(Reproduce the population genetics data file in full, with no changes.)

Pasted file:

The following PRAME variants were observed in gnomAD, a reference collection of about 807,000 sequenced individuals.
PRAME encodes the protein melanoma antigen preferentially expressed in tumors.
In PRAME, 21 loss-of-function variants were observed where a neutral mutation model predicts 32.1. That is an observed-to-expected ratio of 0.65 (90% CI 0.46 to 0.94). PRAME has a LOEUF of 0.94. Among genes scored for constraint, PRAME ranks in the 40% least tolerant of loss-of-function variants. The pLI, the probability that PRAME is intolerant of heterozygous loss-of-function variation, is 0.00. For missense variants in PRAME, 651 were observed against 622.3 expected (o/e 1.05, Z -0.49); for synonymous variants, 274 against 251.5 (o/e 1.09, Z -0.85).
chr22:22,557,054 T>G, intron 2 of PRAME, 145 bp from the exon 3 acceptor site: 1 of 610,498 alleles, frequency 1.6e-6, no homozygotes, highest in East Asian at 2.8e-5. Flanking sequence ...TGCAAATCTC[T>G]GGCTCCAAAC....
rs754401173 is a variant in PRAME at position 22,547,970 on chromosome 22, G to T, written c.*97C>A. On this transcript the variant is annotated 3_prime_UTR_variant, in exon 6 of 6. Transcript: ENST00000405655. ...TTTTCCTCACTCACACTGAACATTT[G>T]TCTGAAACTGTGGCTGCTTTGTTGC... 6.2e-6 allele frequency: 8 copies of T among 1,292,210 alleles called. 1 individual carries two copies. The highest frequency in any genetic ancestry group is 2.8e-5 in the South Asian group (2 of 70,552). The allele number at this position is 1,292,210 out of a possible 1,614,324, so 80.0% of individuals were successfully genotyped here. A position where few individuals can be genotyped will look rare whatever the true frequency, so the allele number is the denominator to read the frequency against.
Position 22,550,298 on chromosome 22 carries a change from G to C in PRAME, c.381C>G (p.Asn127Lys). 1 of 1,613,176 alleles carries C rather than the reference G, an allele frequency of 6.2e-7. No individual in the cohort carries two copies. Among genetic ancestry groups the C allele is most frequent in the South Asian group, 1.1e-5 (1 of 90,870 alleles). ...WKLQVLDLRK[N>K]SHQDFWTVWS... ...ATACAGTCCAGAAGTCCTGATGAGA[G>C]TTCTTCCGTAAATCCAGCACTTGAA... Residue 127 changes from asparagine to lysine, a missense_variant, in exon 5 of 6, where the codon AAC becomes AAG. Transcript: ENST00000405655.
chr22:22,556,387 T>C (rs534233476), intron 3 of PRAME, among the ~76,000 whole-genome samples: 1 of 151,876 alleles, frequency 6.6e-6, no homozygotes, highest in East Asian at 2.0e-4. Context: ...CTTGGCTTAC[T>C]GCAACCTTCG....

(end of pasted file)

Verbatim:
The following PRAME variants were observed in gnomAD, a reference collection of about 807,000 sequenced individuals.
PRAME encodes the protein melanoma antigen preferentially expressed in tumors.
In PRAME, 21 loss-of-function variants were observed where a neutral mutation model predicts 32.1. That is an observed-to-expected ratio of 0.65 (90% CI 0.46 to 0.94). PRAME has a LOEUF of 0.94. Among genes scored for constraint, PRAME ranks in the 40% least tolerant of loss-of-function variants. The pLI, the probability that PRAME is intolerant of heterozygous loss-of-function variation, is 0.00. For missense variants in PRAME, 651 were observed against 622.3 expected (o/e 1.05, Z -0.49); for synonymous variants, 274 against 251.5 (o/e 1.09, Z -0.85).
chr22:22,557,054 T>G, intron 2 of PRAME, 145 bp from the exon 3 acceptor site: 1 of 610,498 alleles, frequency 1.6e-6, no homozygotes, highest in East Asian at 2.8e-5. Flanking sequence ...TGCAAATCTC[T>G]GGCTCCAAAC....
rs754401173 is a variant in PRAME at position 22,547,970 on chromosome 22, G to T, written c.*97C>A. On this transcript the variant is annotated 3_prime_UTR_variant, in exon 6 of 6. Transcript: ENST00000405655. ...TTTTCCTCACTCACACTGAACATTT[G>T]TCTGAAACTGTGGCTGCTTTGTTGC... 6.2e-6 allele frequency: 8 copies of T among 1,292,210 alleles called. 1 individual carries two copies. The highest frequency in any genetic ancestry group is 2.8e-5 in the South Asian group (2 of 70,552). The allele number at this position is 1,292,210 out of a possible 1,614,324, so 80.0% of individuals were successfully genotyped here. A position where few individuals can be genotyped will look rare whatever the true frequency, so the allele number is the denominator to read the frequency against.
Position 22,550,298 on chromosome 22 carries a change from G to C in PRAME, c.381C>G (p.Asn127Lys). 1 of 1,613,176 alleles carries C rather than the reference G, an allele frequency of 6.2e-7. No individual in the cohort carries two copies. Among genetic ancestry groups the C allele is most frequent in the South Asian group, 1.1e-5 (1 of 90,870 alleles). ...WKLQVLDLRK[N>K]SHQDFWTVWS... ...ATACAGTCCAGAAGTCCTGATGAGA[G>C]TTCTTCCGTAAATCCAGCACTTGAA... Residue 127 changes from asparagine to lysine, a missense_variant, in exon 5 of 6, where the codon AAC becomes AAG. Transcript: ENST00000405655.
chr22:22,556,387 T>C (rs534233476), intron 3 of PRAME, among the ~76,000 whole-genome samples: 1 of 151,876 alleles, frequency 6.6e-6, no homozygotes, highest in East Asian at 2.0e-4. Context: ...CTTGGCTTAC[T>C]GCAACCTTCG....